Following sentencing, the defendant can appeal the case. The appeal is when one party (the “appellant”) asks a higher court to look at the decision in the case. The prosecution cannot appeal if the verdict is not guilty; however, the defendant can appeal a guilty conviction. The appellant is arguing that something went wrong in the case. There may have been a legal error that changed the outcome. This does not have to do with a problem with the facts of the case, but with the way the law was enacted. 

In an appeal,  there is not a new trial, and new evidence cannot be presented. The appellant writes a brief that the appellate court (reviewing court) considers. Generally, the appeal will not go back to trial and the appellate court (reviewing court) will uphold the lower court’s decision. However, if the court finds that there was something amiss they can overturn the decision or “remand” the case and send it back down to the lower court to allow them to redecide the case. 

The punishment for domestic violence ranges. It can lead to jail or prison time, mandated participation in batterers’ classes, fines or even compensation to the victim (including paying medical bills). It can be very rewarding just for the validation of the system admitting that what happened was wrong. 

Whatever the goal or the hope for a certain outcome may be, beware that the criminal justice system can be grueling and is often confusing. The victim’s participation can help that feeling of justice, but if they cannot participate, they can stay informed of the outcome and potential release dates.

How do protective orders help?

The police officer may give the victim an emergency protective order (EPO). It will be granted by a judge (who is on call) if they believe the victim is in imminent danger. The order lasts either five business days or up to a week. The point of the EPO is to give the victim time to go file for a more permanent order. The protective orders do not cost money, and the victim does not need a lawyer to file them. 

Protective orders can say a number of things. They make it so the defendant cannot have contact and/or go near the victim or have a gun. An abuser with a firearm increases the victim’s risk fivefold (NCAVC, 2020). They can make the abuser move out and  require them to avoid the victim’s home, work, and child’s school. If the defendant does not obey the order, they can be arrested and charged. The order is valid even outside of California. 

Here is a  helpful document explaining the ins and outs of a Criminal Protective order: https://www.courts.ca.gov/documents/CPO1.pdf. The order will have the date it expires at the bottom. If the victim does not want a protective order, they can talk to the district attorney or the judge at the hearing, but the judge may decide to issue one anyways. Only the judge can cancel the order. The victim and defendant cannot agree to ignore or cancel the order.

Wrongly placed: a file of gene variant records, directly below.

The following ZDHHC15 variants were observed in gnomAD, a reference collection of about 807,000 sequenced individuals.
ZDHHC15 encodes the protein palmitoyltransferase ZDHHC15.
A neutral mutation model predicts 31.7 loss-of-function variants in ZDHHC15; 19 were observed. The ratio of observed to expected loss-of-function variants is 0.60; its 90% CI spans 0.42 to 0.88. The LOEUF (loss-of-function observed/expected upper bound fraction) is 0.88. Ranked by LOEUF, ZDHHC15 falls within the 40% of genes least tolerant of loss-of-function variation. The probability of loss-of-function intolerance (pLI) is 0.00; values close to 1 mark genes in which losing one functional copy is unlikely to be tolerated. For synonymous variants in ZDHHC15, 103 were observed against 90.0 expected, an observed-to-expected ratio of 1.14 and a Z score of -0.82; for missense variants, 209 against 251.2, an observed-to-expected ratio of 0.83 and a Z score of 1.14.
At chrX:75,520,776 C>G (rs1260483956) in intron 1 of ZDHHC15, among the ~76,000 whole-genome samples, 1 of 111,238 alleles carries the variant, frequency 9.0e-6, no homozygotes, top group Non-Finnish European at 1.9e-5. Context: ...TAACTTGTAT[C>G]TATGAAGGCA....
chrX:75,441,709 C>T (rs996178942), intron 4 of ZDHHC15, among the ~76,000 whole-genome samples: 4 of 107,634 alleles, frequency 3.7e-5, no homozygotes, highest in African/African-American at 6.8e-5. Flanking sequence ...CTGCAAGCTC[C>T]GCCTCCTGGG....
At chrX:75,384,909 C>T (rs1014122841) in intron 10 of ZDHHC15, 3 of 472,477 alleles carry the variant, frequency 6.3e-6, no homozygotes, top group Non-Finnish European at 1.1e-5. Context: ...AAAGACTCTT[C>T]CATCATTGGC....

There are different types of protective orders. There is a temporary restraining order and a permanent restraining order. After filing for a permanent restraining order there will be a court hearing for the permanent order. A permanent restraining order can last up to five years, so it is not truly ‘permanent’ yet. When the order is almost up (last three months) a request for another five-year extension or for it to become permanent can be made. While waiting for the permanent restraining order hearing, the victim can request a temporary restraining order if they are in immediate danger. Here is a helpful website breaking information regarding protective orders down further: https://www.womenslaw.org/laws/ca/restraining-orders/domestic-violence-restraining-orders

What are your rights as a victim? 

Marsy’s Law (a.k.a. the California Victims’ Bill of Rights Act of 2008) extended the rights of victims of crime in California. Currently, victims in California have the following rights:

To be treated with dignity and without harassment throughout the criminal justice process

  • To be protected from the defendant 
  • To have their safety and/or the safety of their family considered in the making of bail and release conditions
  • To not have to disclose confidential information to the defendant or their attorney
  • To refuse to be interviewed, disposed or a discovery request by the defendant’s attorney
  • To reasonable notice of and to confer with the prosecuting attorney (upon request) and to be notified of pretrial disposition
  • Upon request, be notified of any proceedings
  • Upon request, to be heard at any proceedings
  • A speedy trial and final conclusion
  • To  request the pre-sentencing report 
  • To request to be informed of any information related to sentencing, schedule of release, release, and place and time of incarceration
  • To restitution (recompense for injury or loss)
  • To ask for property once it is finished being used as evidence
  • To request to be informed of parole procedures, to participate in the parole process and to be notified upon release
  • For their safety to be considered before decisions of parole and post-judgement releases

The best protection a victim has is to know their rights, to know the process, and to stay informed throughout. 

There can also be civil cases going on at the same time of the criminal cases. The civil case could be regarding child custody or other civil matters, but not the guilt or innocence of the defendant in the case. 

Being a victim of domestic violence is already distressing, and we understand that the process of gaining justice may feel overwhelming. If you are still feeling confused or stressed out, we want to provide you with several great resources to lean on (see resource links below). 

If you need to talk to someone either virtually or in person, most places are still open to phone calls or emails during the COVID-19 pandemic, and would be happy to provide you with more information. 

This article was written by Sydney Brabble, an intern at California Women’s Therapy.


National Domestic Hotline:

1-800-799-SAFE (7233)

Local, Statewide & National sites for advocates and shelters:






Victim Witness Assistance Centers:


Victim Impact Statements:




 Victim Rights:



Court Process:


Protective Orders:



How COVID is affecting the process:


General information (more resources at the bottom):



Judicial Council of Carolina. Domestic Violence. (2021). Retrieved January 29, 2021, from https://www.courts.ca.gov/selfhelp-domesticviolence.htm?rdeLocaleAttr=en 

National Coalition Against Domestic Violence (2020). Domestic violence in California. Retrieved January 29, 2021, from https://assets.speakcdn.com/assets/2497/ncadv_california_fact_sheet_2020.pdf